Having a history of trauma leads to some predictable difficulties in life. This post is to help you understand some of the difficult emotions you may be experiencing.
There are certain emotions you experienced during your traumatic experience(s) that were incredibly intense and confusing. As a result, many trauma survivors try to avoid feeling emotion as much as possible. This is totally understandable.
However, avoiding emotion makes it hard to self-regulate. Ideally, emotions motivate us to take action that addresses the feeling, and then the feelings pass. For example, if we feel angry that someone crossed one of our boundaries, we are motivated to strengthen that boundary. When we ignore emotions, we don’t do what needs to be done and the feeling comes back. It’s said that emotions are like toddlers, if you ignore them, they get louder! The more we try not to feel them, the more we end up feeling them.
After avoiding emotions long enough, we lose ability to know what to do with emotion. Then it feels like pain for no good reason, which makes us want to avoid them all the more. When we avoid the emotion, we’re also not learning what to do with emotions, also leading us to avoid emotions at all cost. This experience is called anxiety!
During trauma, there is a decrease in the flow of oxygen to Broca’s area in the brain which is where we attach words to internal experience. This can lead to a sort of “speechless terror” where folks get stuck in emotion. The body then experiences emotion (or other triggers) as evidence that the trauma is still happening without a way out of it. Instead of understanding emotions and doing something goal-directed in order to deal with the emotion, trauma survivors may experience emotion only in the body. This makes folks prone to impulsive action, often destructive action, and often against their own body.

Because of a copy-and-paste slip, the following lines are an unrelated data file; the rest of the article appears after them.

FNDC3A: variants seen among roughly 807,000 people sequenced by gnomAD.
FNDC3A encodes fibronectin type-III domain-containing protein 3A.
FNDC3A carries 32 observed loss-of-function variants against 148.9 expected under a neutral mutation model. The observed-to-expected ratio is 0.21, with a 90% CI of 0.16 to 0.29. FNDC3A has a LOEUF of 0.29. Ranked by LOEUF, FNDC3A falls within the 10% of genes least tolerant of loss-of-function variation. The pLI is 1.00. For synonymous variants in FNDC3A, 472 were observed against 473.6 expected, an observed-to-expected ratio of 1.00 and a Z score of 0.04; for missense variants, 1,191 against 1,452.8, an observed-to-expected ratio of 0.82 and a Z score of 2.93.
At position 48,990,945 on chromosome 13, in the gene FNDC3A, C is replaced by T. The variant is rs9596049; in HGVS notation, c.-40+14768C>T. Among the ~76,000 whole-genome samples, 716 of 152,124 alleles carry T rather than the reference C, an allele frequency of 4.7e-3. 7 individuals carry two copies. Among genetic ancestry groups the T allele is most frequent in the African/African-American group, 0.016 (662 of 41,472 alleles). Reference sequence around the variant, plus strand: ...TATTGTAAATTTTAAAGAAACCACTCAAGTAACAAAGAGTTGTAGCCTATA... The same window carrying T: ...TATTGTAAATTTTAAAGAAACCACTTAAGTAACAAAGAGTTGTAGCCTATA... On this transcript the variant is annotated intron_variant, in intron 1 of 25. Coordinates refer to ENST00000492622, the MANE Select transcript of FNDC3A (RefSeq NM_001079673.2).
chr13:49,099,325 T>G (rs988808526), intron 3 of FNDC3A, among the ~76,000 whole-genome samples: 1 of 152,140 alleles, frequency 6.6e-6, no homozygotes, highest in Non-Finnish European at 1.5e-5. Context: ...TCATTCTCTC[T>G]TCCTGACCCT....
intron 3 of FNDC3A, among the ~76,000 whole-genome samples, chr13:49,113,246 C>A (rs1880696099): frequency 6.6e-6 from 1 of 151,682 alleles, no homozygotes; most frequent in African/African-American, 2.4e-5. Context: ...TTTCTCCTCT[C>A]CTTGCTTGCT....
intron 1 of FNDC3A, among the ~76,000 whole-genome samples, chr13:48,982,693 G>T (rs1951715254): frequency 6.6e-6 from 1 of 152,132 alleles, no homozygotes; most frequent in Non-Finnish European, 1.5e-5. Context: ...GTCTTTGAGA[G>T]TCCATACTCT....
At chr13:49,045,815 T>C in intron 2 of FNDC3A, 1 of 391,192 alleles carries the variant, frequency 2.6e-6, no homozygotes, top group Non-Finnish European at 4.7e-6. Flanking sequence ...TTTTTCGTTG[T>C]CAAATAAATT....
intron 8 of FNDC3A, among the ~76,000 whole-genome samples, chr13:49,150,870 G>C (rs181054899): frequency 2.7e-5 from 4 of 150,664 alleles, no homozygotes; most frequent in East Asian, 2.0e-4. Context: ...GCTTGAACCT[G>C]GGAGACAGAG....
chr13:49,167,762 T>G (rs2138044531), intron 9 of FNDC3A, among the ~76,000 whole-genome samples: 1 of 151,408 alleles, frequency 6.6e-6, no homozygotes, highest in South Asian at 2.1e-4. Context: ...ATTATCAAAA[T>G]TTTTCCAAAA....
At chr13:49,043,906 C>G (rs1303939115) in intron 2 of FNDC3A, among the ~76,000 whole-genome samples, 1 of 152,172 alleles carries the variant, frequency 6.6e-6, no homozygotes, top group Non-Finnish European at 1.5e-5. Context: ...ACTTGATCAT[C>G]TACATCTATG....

What can you do?
Connect with safe people.
- We were created to have safe attachment with others. Our emotions calm down when we’re with our safe people.
Begin feeling emotions a little at a time.
- Practice letting them come, and then distract yourself from the emotion after a few minutes. Notice how you can have some influence over your experience of the emotion.
Put words to body experiences.
- For instance, “My heart is racing and I feel like I can’t breathe.”
- Putting words to experiences helps to show our brains that the trauma is no longer happening, which can lessen the terror the body feels.
- Putting trauma into words helps get rid of flashbacks. Talking about the emotions and bodily sensations helps us make meaning of them and integrate them into the whole of our life experience. Until we make meaning (like solving a problem), our brain continues to work on the memory and bring it up. As we make meaning, we become more used to them and the brain doesn’t keep it at the forefront of our mind anymore.
Dr. Veronica Johnson is co-founder of Envision Counseling Clinic and is a Licensed Psychologist in Castle Rock, Colorado. She has specialized training and over 15 years of experience working with individuals who experience same-sex attractions and find themselves in conflict with other aspects of their identity, such as their spirituality. For women and teen girls who struggle with eating disorders, Veronica uses Dialectical Behavior Therapy skills to help clients regulate their emotions, particularly around food, perfection, and self-image. Having worked for PREP, Inc. Veronica is trained in PREP’s well-known and effective communication skills for couples. She is trained in EMDR, a technique used to overcome symptoms arising from traumatic experiences. She has also edited books and written articles for publication.
Dr. Johnson is devoted to love and authenticity whether in the counseling office or elsewhere. She is guided by biblical understandings of who we are and what life is about. She uses an interactive style of therapy that puts men and women at ease. Clients feel cared for, challenged, and encouraged in Dr. Johnson’s office.
Dr. Johnson obtained her doctorate in Clinical Psychology from Regent University in 2012 shortly after completing her doctoral internship at Eden Counseling Center in Virginia Beach, Virginia. During her doctoral training, she was an active research member at the Institute for the Study of Sexual Identity. Her masters degree is in Professional and Biblical Counseling from Colorado Christian University, and she is also an alumnus of Biola University, in Los Angeles, California.